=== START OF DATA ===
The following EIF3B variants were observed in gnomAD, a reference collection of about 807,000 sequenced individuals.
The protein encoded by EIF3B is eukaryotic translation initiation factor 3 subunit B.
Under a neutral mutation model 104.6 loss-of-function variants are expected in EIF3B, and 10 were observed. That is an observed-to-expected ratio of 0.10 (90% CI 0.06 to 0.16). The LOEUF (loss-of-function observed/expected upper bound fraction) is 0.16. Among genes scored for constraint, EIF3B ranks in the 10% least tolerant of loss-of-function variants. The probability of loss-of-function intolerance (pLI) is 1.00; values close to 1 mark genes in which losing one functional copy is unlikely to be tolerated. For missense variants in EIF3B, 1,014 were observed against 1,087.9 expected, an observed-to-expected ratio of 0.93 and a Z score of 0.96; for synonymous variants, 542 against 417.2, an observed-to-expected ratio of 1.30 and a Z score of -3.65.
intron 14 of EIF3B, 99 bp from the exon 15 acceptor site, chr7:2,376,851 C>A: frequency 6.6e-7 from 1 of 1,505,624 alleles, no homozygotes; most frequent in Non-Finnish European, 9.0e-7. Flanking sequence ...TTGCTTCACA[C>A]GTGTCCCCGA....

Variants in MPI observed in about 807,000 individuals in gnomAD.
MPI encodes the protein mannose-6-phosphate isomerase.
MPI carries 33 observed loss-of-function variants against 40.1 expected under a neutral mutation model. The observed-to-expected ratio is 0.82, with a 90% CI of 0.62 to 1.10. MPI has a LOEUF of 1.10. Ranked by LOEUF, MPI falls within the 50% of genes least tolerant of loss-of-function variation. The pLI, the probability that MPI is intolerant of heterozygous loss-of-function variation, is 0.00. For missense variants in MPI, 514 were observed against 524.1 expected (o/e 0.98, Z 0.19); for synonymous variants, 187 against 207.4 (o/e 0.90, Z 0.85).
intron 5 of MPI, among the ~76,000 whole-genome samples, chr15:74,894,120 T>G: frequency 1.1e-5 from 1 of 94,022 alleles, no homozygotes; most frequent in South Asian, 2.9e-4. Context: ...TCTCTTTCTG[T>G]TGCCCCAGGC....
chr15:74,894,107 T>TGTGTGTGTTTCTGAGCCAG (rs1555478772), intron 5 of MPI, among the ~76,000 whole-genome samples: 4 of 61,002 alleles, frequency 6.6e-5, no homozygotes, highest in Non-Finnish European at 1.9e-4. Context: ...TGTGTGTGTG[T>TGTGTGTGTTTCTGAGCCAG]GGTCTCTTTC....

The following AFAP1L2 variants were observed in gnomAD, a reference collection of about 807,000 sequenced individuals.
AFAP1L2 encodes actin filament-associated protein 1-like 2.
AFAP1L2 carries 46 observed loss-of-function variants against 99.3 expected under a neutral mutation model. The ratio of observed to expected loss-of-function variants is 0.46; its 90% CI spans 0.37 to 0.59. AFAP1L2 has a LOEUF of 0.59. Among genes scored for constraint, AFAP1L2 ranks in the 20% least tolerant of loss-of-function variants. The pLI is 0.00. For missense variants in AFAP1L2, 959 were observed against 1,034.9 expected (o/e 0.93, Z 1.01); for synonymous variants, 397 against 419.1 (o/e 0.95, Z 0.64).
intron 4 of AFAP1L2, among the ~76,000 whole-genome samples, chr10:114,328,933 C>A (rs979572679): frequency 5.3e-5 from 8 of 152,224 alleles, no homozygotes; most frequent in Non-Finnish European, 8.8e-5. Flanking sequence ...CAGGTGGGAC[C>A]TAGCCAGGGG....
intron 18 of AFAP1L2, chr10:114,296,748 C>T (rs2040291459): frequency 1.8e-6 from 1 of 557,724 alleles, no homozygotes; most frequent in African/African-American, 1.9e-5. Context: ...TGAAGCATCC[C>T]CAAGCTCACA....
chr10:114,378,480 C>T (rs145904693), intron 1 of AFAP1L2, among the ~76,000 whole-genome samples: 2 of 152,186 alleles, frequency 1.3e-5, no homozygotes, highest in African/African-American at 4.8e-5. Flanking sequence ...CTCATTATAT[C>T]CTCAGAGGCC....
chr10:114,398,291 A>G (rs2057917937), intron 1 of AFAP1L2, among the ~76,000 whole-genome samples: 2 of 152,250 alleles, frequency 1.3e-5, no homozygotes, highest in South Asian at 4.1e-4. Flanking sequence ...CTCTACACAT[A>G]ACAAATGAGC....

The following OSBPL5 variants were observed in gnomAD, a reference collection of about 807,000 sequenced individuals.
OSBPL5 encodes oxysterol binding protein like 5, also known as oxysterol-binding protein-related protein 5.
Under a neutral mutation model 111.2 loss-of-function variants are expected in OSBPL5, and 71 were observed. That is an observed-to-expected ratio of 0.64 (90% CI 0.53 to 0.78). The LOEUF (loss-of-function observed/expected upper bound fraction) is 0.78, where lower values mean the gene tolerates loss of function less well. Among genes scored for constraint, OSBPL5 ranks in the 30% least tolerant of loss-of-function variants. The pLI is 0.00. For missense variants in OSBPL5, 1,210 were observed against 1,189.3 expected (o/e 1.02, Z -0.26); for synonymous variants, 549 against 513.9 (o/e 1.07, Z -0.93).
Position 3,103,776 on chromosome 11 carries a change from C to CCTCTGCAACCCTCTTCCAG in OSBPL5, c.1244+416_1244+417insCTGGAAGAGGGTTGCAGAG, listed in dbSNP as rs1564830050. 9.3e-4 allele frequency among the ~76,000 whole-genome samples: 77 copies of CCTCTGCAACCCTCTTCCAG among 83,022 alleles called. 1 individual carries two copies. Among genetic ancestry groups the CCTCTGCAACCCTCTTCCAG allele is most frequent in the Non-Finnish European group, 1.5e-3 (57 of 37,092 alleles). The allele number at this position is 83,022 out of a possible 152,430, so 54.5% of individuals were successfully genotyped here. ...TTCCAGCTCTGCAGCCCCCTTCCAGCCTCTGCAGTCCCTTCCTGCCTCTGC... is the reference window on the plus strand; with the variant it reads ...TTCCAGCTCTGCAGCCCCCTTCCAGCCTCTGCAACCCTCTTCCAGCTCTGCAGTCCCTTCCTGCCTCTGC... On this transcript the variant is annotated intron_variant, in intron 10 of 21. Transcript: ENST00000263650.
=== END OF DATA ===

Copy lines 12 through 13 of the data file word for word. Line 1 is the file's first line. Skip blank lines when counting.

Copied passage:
AFAP1L2 carries 46 observed loss-of-function variants against 99.3 expected under a neutral mutation model. The ratio of observed to expected loss-of-function variants is 0.46; its 90% CI spans 0.37 to 0.59. AFAP1L2 has a LOEUF of 0.59. Among genes scored for constraint, AFAP1L2 ranks in the 20% least tolerant of loss-of-function variants. The pLI is 0.00. For missense variants in AFAP1L2, 959 were observed against 1,034.9 expected (o/e 0.93, Z 1.01); for synonymous variants, 397 against 419.1 (o/e 0.95, Z 0.64).
intron 4 of AFAP1L2, among the ~76,000 whole-genome samples, chr10:114,328,933 C>A (rs979572679): frequency 5.3e-5 from 8 of 152,224 alleles, no homozygotes; most frequent in Non-Finnish European, 8.8e-5. Flanking sequence ...CAGGTGGGAC[C>A]TAGCCAGGGG....